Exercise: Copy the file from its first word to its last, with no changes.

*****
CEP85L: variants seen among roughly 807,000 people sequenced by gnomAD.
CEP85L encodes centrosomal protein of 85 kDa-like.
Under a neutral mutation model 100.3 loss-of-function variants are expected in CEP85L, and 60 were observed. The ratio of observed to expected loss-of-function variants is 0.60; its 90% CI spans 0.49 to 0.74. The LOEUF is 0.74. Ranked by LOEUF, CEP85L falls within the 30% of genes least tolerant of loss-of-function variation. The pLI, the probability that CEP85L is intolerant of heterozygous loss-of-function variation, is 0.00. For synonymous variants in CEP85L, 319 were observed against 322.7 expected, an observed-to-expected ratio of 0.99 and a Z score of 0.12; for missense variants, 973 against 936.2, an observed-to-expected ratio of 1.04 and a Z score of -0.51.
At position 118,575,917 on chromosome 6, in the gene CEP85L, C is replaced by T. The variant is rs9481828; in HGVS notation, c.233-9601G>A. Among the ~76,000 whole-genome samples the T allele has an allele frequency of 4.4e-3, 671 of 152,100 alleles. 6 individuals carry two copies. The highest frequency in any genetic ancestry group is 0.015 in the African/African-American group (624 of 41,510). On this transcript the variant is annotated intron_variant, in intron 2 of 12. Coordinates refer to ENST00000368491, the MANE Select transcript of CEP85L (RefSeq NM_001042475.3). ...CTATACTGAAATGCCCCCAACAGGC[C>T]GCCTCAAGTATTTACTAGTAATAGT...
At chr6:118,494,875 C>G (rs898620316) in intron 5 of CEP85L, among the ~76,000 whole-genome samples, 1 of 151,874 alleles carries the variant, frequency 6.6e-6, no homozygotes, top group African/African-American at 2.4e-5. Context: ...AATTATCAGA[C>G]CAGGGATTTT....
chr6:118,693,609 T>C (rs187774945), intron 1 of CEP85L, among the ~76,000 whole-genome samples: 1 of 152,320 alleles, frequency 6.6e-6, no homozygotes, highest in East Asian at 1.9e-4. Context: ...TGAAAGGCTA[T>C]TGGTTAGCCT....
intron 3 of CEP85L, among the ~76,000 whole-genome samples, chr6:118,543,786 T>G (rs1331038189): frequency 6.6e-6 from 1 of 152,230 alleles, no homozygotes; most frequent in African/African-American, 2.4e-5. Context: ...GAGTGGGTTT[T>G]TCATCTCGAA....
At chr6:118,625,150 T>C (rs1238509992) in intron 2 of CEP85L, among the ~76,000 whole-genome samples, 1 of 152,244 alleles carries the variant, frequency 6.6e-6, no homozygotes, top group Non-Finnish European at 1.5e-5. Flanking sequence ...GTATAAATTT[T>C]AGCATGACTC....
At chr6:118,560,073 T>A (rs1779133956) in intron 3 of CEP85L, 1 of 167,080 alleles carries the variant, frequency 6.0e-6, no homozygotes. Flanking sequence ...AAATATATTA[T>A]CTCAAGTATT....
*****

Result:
CEP85L: variants seen among roughly 807,000 people sequenced by gnomAD.
CEP85L encodes centrosomal protein of 85 kDa-like.
Under a neutral mutation model 100.3 loss-of-function variants are expected in CEP85L, and 60 were observed. The ratio of observed to expected loss-of-function variants is 0.60; its 90% CI spans 0.49 to 0.74. The LOEUF is 0.74. Ranked by LOEUF, CEP85L falls within the 30% of genes least tolerant of loss-of-function variation. The pLI, the probability that CEP85L is intolerant of heterozygous loss-of-function variation, is 0.00. For synonymous variants in CEP85L, 319 were observed against 322.7 expected, an observed-to-expected ratio of 0.99 and a Z score of 0.12; for missense variants, 973 against 936.2, an observed-to-expected ratio of 1.04 and a Z score of -0.51.
At position 118,575,917 on chromosome 6, in the gene CEP85L, C is replaced by T. The variant is rs9481828; in HGVS notation, c.233-9601G>A. Among the ~76,000 whole-genome samples the T allele has an allele frequency of 4.4e-3, 671 of 152,100 alleles. 6 individuals carry two copies. The highest frequency in any genetic ancestry group is 0.015 in the African/African-American group (624 of 41,510). On this transcript the variant is annotated intron_variant, in intron 2 of 12. Coordinates refer to ENST00000368491, the MANE Select transcript of CEP85L (RefSeq NM_001042475.3). ...CTATACTGAAATGCCCCCAACAGGC[C>T]GCCTCAAGTATTTACTAGTAATAGT...
At chr6:118,494,875 C>G (rs898620316) in intron 5 of CEP85L, among the ~76,000 whole-genome samples, 1 of 151,874 alleles carries the variant, frequency 6.6e-6, no homozygotes, top group African/African-American at 2.4e-5. Context: ...AATTATCAGA[C>G]CAGGGATTTT....
chr6:118,693,609 T>C (rs187774945), intron 1 of CEP85L, among the ~76,000 whole-genome samples: 1 of 152,320 alleles, frequency 6.6e-6, no homozygotes, highest in East Asian at 1.9e-4. Context: ...TGAAAGGCTA[T>C]TGGTTAGCCT....
intron 3 of CEP85L, among the ~76,000 whole-genome samples, chr6:118,543,786 T>G (rs1331038189): frequency 6.6e-6 from 1 of 152,230 alleles, no homozygotes; most frequent in African/African-American, 2.4e-5. Context: ...GAGTGGGTTT[T>G]TCATCTCGAA....
At chr6:118,625,150 T>C (rs1238509992) in intron 2 of CEP85L, among the ~76,000 whole-genome samples, 1 of 152,244 alleles carries the variant, frequency 6.6e-6, no homozygotes, top group Non-Finnish European at 1.5e-5. Flanking sequence ...GTATAAATTT[T>C]AGCATGACTC....
At chr6:118,560,073 T>A (rs1779133956) in intron 3 of CEP85L, 1 of 167,080 alleles carries the variant, frequency 6.0e-6, no homozygotes. Flanking sequence ...AAATATATTA[T>A]CTCAAGTATT....